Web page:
MHS principal: ‘We ARE Montevallo’Published 3:12pm Wednesday, September 18, 2013
By STEPHANIE BRUMFIELD / Staff Writer
MONTEVALLO – Montevallo High School’s new principal Wesley Hester often uses visuals to stimulate his students’ thinking. As an example, he holds up a picture of an iceberg for community members to see at the Montevallo Chamber Luncheon Sept 18.
“You can generate some good conversation with a picture of an iceberg,” Hester said. “It doesn’t just necessarily represent a big chunk of ice in water. It represents what we like to talk about, which is character.
“Generally 10 percent of the iceberg is above water, and 90 percent is below. The 10 percent is your personality, it’s your appearance, it’s who you are, it’s what people see. The 90 percent, of course, is your character. It’s what people don’t see.”
For Hester, the emphasis on character is part of the broader theme of leadership that he has been trying to emphasize at MHS since becoming principal just two months ago. According to Hester, developing leadership in all members of the school, students and staff alike, is important because it allows the school’s leadership potential to be exploited.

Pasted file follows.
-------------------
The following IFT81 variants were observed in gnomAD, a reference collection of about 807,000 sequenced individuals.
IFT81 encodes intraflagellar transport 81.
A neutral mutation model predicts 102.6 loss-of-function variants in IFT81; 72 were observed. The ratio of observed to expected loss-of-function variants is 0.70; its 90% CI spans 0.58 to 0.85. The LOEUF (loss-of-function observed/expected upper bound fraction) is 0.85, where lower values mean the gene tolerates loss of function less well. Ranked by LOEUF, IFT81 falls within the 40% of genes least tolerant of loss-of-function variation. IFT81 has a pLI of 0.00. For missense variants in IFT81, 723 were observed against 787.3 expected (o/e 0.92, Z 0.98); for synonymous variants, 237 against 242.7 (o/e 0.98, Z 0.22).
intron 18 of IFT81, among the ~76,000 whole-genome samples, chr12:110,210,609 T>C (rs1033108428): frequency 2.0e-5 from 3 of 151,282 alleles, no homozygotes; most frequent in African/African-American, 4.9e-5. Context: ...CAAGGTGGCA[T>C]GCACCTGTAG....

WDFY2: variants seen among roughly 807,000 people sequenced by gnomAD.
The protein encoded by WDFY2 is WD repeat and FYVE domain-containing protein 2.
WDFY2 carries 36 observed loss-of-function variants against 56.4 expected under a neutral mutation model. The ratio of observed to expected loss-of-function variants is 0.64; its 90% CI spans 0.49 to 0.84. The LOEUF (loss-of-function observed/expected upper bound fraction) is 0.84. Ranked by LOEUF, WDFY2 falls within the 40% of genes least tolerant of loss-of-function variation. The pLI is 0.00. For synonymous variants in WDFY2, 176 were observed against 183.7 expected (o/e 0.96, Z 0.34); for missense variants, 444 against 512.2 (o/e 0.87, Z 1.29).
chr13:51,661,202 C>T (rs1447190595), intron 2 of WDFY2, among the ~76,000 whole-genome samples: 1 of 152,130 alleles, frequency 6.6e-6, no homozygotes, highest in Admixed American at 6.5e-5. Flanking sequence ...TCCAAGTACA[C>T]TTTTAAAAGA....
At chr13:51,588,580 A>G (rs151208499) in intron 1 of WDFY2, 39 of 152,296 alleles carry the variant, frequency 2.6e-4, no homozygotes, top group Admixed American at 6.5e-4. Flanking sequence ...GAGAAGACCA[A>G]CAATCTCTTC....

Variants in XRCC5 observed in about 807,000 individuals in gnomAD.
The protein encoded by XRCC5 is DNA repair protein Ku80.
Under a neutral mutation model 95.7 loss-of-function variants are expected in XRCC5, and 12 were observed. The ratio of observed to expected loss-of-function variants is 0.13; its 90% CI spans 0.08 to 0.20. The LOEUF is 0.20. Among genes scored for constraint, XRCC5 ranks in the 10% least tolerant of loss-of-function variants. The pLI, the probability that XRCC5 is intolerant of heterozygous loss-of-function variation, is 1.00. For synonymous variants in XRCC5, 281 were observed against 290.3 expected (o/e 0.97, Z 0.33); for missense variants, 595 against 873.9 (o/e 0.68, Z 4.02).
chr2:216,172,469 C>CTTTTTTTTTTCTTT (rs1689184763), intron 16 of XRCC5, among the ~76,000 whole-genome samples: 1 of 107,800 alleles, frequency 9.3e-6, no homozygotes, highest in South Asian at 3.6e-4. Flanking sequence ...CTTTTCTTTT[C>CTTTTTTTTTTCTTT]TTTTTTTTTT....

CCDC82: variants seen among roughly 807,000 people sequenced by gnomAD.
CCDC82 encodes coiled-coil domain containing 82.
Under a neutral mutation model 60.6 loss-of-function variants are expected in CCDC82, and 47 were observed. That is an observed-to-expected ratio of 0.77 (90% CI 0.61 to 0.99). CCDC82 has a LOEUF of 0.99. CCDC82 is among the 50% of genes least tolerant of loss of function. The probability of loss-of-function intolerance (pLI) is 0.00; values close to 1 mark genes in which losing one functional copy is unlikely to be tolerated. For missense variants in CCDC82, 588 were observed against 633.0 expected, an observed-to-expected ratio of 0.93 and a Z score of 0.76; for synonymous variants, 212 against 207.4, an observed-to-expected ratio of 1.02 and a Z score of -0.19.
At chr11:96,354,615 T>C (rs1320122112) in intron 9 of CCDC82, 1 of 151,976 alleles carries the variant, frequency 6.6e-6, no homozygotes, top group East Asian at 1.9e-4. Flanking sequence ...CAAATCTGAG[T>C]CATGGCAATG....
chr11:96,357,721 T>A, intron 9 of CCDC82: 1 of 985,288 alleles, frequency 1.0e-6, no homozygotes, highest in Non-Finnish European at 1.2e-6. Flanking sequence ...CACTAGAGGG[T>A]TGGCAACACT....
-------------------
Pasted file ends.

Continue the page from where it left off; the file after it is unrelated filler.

“Raise the roof is what I refer to as our leadership potential,” Hester said. “If you look at a school leader or any leader in any organization, if you rely on that one leader, your potential for progress and success (goes only) as far as the ability of the leader.”
By empowering students and staff, Hester said the potential of the school increases.
“Raise the roof,” he said.
One way Hester has empowered students is by eating breakfast with the football team’s new “leadership council” on Friday mornings.
“Student athletes have so much influence and so much leverage among other students in the school,” he said.
He is also encouraging all students to be involved in at least one student organization and emphasizing the importance of service learning and learning real-world skills in the classroom.
The school is also working on increasing pride, which has been fueled by responses Hester received after giving students and staff surveys at the beginning of the year.
In another visual, he provided chamber members with wristbands that read, “We ARE Montevallo,” with “are” underlined and in capital letters.
“The ‘are’ – underlined, capital – is emphasized because … sometimes our kids want to say, ’A small community, a small town, we’re just Montevallo. What can we do?’”
Hester said that resonated with him because, like his students, he also comes from a small town. He grew up in Russellville.
“I said, ‘No, we ARE Montevallo. We have the same opportunities and the same ability as any other school and any other community in the state of Alabama. You just have to put forth the effort,” he said.